Is it Permissible to Punch a Rabbi in the Face?
Is it permissible to punch a rabbi - a senior rabbi in a prestigious yeshivah - in the face?
That's the kind of thing that is going on in the Holy War at Ponevezh Yeshivah these days, between followers of Rav Kahaneman's son and followers of his son-in-law. It's actually just the latest chapter in a long-running physical battle between different factions in the Litvishe charedi world. No doubt the rabbis and yeshivah students involved in such violence have all kinds of technical pilpulim as to why their actions are not only permissible but even a mitzvah.
Still, for the rest of us, including the vast majority of charedi society, such actions are far beyond the pale. Even to ask the question "Is it permissible to punch a Rabbi in the face?" is horrendously offensive.
And yet I just came across a question that is no less problematic. It was the title of an article in a mainstream Torah journal put out by Machon Aliya, a prominent charedi organization for training people to work in various careers involving practical halacha - an organization with several branches and thousands of graduates.
"Is It Permissible To Steal From The State?" That is the title of one of the articles in this journal. And the article spends three pages engaging in pilpulei halacha regarding this question and its various applications. The good news is that the article concludes that due to the preponderance of opinions against it, it's best not to. The bad news is that the article not only raises it as a serious question, but presents numerous arguments to legitimize it, and at no point whatsoever does it stress the fundamental issue of v'asisa hayashar v'hatov, of ehrlechkeit, of the basic moral norm of being a law-abiding citizen. And this in a journal of organization dedicated to practical halacha!
The article begins by noting that according to most (charedi) halachic authorities, the principle of dina d'malchusa dina does not apply in Israel, since it is an anti-Torah government. Still, it notes that since there are those who say otherwise, there are grounds to be stringent. The next paragraph adds a story about how hishtadlus does not obligate one to engage in dishonesty. A nice point, but still missing the wood for the trees.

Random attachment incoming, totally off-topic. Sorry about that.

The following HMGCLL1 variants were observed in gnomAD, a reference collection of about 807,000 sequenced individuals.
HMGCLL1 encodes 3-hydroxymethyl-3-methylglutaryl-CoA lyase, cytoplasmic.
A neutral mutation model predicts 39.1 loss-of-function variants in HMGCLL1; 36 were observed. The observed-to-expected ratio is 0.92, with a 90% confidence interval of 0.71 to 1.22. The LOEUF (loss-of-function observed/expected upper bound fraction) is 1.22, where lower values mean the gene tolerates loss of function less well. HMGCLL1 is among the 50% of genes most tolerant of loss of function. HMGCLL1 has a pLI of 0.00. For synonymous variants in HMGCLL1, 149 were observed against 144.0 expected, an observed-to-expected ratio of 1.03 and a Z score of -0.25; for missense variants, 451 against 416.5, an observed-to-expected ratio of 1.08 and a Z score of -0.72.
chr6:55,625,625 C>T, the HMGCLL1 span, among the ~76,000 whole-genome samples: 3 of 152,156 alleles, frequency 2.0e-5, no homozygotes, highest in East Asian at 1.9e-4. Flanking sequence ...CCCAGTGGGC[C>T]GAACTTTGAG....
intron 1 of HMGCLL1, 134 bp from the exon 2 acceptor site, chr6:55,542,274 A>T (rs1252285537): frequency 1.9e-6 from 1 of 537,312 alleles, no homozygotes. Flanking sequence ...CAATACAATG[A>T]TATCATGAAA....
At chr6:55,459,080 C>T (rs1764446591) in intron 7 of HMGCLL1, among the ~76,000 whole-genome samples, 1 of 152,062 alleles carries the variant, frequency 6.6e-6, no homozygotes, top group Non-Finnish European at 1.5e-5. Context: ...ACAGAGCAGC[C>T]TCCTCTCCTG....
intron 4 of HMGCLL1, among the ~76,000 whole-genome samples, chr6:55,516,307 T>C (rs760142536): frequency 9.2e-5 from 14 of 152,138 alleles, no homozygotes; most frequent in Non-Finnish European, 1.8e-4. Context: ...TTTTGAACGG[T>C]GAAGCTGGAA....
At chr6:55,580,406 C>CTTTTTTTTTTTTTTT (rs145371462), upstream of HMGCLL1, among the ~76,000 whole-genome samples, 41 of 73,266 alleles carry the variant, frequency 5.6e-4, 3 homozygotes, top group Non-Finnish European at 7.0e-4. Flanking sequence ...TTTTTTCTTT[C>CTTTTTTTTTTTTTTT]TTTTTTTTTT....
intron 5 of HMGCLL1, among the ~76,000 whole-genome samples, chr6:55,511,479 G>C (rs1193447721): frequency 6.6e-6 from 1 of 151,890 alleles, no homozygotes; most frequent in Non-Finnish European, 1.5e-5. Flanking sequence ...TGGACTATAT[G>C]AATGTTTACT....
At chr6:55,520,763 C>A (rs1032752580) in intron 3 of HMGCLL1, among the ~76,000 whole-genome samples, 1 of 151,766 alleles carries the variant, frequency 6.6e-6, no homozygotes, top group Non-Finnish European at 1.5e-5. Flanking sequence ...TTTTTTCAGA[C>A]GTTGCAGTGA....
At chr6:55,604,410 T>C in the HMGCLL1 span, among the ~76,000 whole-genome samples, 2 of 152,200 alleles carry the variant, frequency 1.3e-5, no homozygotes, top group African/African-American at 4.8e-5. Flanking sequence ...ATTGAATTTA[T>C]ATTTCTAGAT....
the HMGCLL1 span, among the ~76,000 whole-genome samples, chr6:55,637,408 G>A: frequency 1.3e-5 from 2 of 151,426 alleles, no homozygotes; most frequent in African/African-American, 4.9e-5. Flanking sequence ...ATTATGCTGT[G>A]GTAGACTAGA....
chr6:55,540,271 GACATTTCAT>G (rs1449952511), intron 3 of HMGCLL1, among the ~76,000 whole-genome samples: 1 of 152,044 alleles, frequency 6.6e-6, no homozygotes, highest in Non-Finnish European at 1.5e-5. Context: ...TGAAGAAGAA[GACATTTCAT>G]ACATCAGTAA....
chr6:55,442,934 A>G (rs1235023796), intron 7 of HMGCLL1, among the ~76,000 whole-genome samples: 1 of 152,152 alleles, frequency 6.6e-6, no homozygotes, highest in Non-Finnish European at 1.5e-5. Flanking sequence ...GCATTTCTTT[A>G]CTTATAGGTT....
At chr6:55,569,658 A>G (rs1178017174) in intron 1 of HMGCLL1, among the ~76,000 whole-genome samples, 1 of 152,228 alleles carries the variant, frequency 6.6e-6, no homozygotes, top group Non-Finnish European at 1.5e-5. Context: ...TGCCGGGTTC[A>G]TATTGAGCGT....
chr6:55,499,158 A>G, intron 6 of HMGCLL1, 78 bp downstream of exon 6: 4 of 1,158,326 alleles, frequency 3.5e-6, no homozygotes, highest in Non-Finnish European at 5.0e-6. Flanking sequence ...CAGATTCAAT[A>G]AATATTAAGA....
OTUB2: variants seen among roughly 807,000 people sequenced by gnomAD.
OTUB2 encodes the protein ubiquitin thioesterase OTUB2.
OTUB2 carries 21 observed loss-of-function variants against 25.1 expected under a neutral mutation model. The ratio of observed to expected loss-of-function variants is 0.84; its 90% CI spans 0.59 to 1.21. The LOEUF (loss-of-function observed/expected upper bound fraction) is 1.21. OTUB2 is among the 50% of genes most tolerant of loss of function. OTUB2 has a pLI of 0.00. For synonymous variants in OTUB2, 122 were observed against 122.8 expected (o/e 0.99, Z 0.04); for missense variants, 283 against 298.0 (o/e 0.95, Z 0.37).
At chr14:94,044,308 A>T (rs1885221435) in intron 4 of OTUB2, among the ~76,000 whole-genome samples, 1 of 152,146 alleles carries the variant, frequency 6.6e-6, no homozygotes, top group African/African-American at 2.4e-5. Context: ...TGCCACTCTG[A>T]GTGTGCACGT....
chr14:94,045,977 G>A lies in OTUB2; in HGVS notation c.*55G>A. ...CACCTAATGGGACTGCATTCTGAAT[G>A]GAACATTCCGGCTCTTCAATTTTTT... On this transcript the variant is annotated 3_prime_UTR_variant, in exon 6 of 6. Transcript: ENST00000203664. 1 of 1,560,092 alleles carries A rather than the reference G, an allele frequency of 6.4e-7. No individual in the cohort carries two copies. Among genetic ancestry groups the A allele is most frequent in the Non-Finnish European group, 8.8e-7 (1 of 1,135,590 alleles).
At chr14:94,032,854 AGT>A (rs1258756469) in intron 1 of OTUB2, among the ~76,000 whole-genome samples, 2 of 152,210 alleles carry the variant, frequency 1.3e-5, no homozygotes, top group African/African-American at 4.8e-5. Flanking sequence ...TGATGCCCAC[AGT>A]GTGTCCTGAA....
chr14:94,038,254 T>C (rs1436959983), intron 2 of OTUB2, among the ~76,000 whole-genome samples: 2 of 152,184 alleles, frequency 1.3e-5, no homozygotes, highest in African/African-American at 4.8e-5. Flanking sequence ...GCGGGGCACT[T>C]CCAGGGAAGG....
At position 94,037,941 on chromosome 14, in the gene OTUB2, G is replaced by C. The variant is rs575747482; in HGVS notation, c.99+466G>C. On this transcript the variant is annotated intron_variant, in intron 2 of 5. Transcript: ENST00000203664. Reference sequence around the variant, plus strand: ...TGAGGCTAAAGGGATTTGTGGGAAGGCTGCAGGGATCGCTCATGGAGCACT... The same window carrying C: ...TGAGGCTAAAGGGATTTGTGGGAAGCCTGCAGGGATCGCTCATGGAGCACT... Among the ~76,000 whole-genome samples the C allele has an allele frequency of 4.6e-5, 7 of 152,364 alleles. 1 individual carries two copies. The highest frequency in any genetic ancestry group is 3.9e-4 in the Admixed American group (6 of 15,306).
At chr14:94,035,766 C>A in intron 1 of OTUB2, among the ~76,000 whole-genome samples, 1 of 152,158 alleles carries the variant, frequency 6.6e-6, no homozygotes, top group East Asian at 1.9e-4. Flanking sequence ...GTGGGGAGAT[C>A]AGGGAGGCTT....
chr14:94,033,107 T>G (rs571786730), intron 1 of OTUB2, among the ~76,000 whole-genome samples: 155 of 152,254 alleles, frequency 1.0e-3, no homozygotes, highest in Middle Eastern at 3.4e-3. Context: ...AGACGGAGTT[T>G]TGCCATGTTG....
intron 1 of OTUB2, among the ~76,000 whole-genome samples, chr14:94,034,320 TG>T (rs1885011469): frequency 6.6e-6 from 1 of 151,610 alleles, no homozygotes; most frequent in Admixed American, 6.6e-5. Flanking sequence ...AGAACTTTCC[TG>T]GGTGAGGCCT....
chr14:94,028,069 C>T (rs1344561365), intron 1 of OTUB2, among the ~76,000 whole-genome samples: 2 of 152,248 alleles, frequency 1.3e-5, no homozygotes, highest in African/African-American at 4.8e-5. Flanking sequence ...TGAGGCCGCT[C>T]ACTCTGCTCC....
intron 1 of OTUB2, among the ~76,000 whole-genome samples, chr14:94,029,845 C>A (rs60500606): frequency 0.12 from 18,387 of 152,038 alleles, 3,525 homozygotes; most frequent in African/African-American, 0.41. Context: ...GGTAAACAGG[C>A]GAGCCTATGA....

Then there are several paragraphs of intricate discussion about getting on the bus without paying, and about there are additional grounds to permit an adult to pay with a children's pass, and about how stealing bags from a supermarket might be permissible because (in Israel) the money for bags goes to the Environmental Protection Ministry, etc., etc.
The article then gives a different reason why stealing from the state might be problematic. No, again, it's not because it's fundamentally immoral. This one - from the famous Rav Yitzchak Zilberstein - is that if the state has less money, they are going to raise taxes, which itself is theft, and one is thereby causing the state to engage in theft! If you didn't grasp how shocking that is, read it again.
The author proceeds to note that it's not clear that such an argument would apply on an individual level, since the state will not raise taxes due to an individual taking money from it. Ah, so it won't cause the state to engage in theft, so you can engage in theft!
The article notes that based on this line of thought regarding what the state does with people's money, others argue that it is actually a mitzvah to steal from the state, since one is preventing them from using the money for anti-halachic purposes! But, the author responds, this is a poor argument - because the state might well recover its losses by cutting budgets to religious institutions rather than stopping anti-halachic programs.
Then comes perhaps the most remarkably revealing section. The article notes that according to several views, the state is not entitled al pi halacha to claim taxes, and one is therefore entitled to steal from the government to recover the taxes that were illegitimately taken. However, one is not entitled to steal back more than was originally stolen. And since, states the author, charedim receive far more in government benefits than they pay in taxes, they therefore cannot steal anything additional!
The author notes parenthetically that there are those who argue that charedim are not living off the state, but observes (correctly) that such arguments do not withstand scrutiny!
Following this extraordinary reason as to why charedim should not steal tax money back from the government (which apparently would not apply to others!), the article notes that this argument wouldn't apply to dodging paying taxes in the first place.
And so on, and so on. The article continues to discuss various other points, such as the problem with charedi MKs voting in favor of any taxes, since all taxes levied by the State of Israel are illegitimate. Until finally the article wraps up, noting briefly that since many Poskim adamantly prohibit stealing from the state, one should not rely on the minority opinions who permit it.
It's horrifying that such an article could appear anywhere. And it's appalling beyond belief that it appears in a journal put out by a prominent organization training thousands of people for positions in practical halachah. And it's simply mind-boggling that such disparagement for the state is written by someone who acknowledges that the charedi community lives off the state!
More than anything else I've seen, this perfectly encapsulates the fundamental problem with the charedi world. It's an utterly myopic approach to Torah, failing to internalize it as Toras Chaim, not even imagining how to apply it to a Jewish state with a growing religious minority. No wonder some of its members in its most prestigious yeshivah end up punching rabbis in the face.
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